Nepalese police say they have arrested at least 1,100 Tibetans protesting near the Chinese embassy.
1,100 Tibet protesters arrested in Nepal
KATHMANDU // Nepalese police said they had arrested at least 1,100 Tibetans protesting near the Chinese embassy today, hours ahead of the opening ceremony of the Beijing Olympics. "We want to give the millions of people who will watch the opening as well as the hundreds of athletes taking part the message that there are no human rights in Tibet," Tashi Tsering, a 20-year-old Tibetan student, said. Some protesters screaming anti-Chinese slogans had tried to breach a police cordon outside the Chinese visa and trade section before being hauled away in police vans.
The Tibetans, including many monks and nuns, chanted "Shame shame, Hu Jintao," referring to the Chinese president, and "Tibet belongs to Tibetans," as they were rounded up near the Chinese embassy. More arrests were expected today as organisers said they would keep up their protests throughout the day. "The Tibetans continue to try and protest in small groups and as long as they keep coming we will detain them," a Nepalese senior police officer, Ramesh Thapa said.
"The total number of detainees has reached 1,100. They are being held at various police stations and will be released later on Friday." Some protesters scuffled with police, who kicked and hit the Tibetans with bamboo poles as the protesters tried to break through a police cordon. Some protesters shaved their heads and painted their faces and scalps with the flag of the Tibetan government-in-exile. They also wore headbands calling for a "Free Tibet."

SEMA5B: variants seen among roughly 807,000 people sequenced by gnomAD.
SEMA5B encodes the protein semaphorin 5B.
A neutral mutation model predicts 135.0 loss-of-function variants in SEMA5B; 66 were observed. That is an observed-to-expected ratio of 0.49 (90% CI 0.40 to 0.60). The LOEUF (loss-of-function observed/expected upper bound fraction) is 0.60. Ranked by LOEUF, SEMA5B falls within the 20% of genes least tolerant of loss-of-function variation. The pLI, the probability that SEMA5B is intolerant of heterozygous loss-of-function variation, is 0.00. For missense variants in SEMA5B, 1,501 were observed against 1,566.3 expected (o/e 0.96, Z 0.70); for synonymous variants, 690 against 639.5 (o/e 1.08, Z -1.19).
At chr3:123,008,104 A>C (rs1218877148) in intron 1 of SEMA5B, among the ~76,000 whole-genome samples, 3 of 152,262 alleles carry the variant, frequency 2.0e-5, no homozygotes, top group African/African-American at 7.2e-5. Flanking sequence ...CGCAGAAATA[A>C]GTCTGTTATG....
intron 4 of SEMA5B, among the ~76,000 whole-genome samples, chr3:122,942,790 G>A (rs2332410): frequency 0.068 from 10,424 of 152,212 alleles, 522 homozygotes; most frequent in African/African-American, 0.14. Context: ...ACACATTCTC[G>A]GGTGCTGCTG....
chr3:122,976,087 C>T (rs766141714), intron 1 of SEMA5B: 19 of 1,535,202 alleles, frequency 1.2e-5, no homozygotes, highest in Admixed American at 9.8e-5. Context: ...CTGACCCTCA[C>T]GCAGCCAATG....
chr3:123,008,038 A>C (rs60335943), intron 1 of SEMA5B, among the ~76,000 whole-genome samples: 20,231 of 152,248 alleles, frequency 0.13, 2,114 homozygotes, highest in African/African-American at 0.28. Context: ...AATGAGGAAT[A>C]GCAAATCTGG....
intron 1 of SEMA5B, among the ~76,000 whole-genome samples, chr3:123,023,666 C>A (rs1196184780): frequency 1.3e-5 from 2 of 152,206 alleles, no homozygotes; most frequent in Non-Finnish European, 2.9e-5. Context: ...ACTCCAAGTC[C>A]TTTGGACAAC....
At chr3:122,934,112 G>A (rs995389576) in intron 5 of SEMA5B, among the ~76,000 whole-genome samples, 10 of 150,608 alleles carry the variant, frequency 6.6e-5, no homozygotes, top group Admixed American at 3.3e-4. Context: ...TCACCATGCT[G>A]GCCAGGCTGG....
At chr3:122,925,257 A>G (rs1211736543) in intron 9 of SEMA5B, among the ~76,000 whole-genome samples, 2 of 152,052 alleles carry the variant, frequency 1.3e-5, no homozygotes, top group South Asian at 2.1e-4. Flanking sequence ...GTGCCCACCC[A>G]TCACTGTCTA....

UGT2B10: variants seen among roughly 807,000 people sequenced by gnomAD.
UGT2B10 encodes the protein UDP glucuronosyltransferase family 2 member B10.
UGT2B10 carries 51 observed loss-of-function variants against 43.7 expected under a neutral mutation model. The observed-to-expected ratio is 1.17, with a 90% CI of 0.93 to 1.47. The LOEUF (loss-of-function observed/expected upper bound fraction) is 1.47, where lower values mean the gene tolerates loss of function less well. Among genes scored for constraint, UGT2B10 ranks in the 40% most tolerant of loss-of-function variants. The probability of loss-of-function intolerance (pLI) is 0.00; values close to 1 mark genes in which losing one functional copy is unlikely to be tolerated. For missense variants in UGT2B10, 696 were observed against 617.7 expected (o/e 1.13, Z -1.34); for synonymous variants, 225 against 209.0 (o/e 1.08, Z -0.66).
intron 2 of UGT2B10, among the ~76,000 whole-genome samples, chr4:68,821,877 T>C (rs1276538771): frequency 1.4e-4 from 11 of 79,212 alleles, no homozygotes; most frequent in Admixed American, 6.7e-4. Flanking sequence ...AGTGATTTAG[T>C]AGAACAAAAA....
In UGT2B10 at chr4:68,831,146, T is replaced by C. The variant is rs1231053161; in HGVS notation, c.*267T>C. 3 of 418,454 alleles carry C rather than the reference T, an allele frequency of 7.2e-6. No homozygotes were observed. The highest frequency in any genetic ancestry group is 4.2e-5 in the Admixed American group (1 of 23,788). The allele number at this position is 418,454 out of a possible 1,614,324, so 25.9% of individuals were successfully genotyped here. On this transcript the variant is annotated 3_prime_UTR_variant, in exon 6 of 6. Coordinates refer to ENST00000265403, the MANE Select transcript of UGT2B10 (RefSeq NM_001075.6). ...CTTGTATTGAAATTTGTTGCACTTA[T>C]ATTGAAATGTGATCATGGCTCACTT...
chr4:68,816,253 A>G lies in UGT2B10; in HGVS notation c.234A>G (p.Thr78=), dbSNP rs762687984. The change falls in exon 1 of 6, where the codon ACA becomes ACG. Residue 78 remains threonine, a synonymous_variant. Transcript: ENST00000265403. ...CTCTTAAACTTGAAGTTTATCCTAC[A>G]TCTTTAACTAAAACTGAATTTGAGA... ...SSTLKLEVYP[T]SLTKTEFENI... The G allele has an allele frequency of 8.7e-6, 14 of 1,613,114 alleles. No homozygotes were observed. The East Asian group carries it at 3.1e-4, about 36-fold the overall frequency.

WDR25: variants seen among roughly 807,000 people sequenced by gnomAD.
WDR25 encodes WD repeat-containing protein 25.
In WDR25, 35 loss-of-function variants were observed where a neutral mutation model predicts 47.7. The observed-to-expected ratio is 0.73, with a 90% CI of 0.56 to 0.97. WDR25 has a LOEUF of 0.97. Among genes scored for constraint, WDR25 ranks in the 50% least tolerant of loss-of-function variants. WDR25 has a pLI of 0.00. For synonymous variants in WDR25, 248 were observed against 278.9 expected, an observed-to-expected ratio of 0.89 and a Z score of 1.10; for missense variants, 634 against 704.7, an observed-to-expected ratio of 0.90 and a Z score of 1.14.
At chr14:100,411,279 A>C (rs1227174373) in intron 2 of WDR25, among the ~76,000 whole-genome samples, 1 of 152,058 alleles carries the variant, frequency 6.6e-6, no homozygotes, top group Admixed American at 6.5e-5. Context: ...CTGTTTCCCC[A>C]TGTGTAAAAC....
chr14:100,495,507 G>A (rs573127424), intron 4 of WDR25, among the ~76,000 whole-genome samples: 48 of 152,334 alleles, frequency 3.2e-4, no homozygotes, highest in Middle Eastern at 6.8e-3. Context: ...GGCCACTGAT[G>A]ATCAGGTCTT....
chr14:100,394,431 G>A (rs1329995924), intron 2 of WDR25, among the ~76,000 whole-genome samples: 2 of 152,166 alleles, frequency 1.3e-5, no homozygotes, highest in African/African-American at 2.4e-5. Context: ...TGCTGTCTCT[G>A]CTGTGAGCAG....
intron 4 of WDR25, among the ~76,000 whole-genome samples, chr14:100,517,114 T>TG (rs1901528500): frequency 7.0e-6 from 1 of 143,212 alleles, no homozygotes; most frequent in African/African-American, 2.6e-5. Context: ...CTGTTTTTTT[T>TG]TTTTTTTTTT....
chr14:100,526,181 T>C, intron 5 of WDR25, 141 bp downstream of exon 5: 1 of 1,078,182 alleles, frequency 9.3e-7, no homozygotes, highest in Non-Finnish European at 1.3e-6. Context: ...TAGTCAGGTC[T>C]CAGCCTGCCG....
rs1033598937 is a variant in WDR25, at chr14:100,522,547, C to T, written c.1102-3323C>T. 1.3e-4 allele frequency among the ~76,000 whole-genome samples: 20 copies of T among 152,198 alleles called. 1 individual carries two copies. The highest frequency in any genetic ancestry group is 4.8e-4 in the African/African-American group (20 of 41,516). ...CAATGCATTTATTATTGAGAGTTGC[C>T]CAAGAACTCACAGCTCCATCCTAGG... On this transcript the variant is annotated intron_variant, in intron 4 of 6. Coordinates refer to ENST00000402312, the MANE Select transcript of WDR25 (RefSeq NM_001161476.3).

"Tibetans have been dismayed at China's interference in Tibet for a long time. This day is an opportunity for us to attract the world's attention," Nima, a 19-year-old nun who goes by one name, said. The exiled Tibetans have been protesting almost daily after deadly unrest erupted against Chinese rule in the Himalayan region in March. Yesterday, about 600 Tibetans were arrested in Katmandu, several hours after 1,500 monks, nuns and supporters who had been praying and chanting mantras refused to disperse.
Sandwiched between India and China, Nepal endorses Beijing's "One China" policy that views Tibet and Taiwan as integral parts of China. Nepalese officials have repeatedly said no anti-China activity will be allowed as they seek to preserve friendly ties with their northern neighbour.
The country is home to about 20,000 exiled Tibetans who began arriving in large numbers in 1959 after the Dalai Lama fled Tibet following a failed uprising against the Chinese. Many have gone on to the northern Indian town of Dharamshala where the Dalai Lama is based. Worldwide protests erupted after China's crackdown on demonstrators inside Tibet, marking the March 10 anniversary of the failed uprising.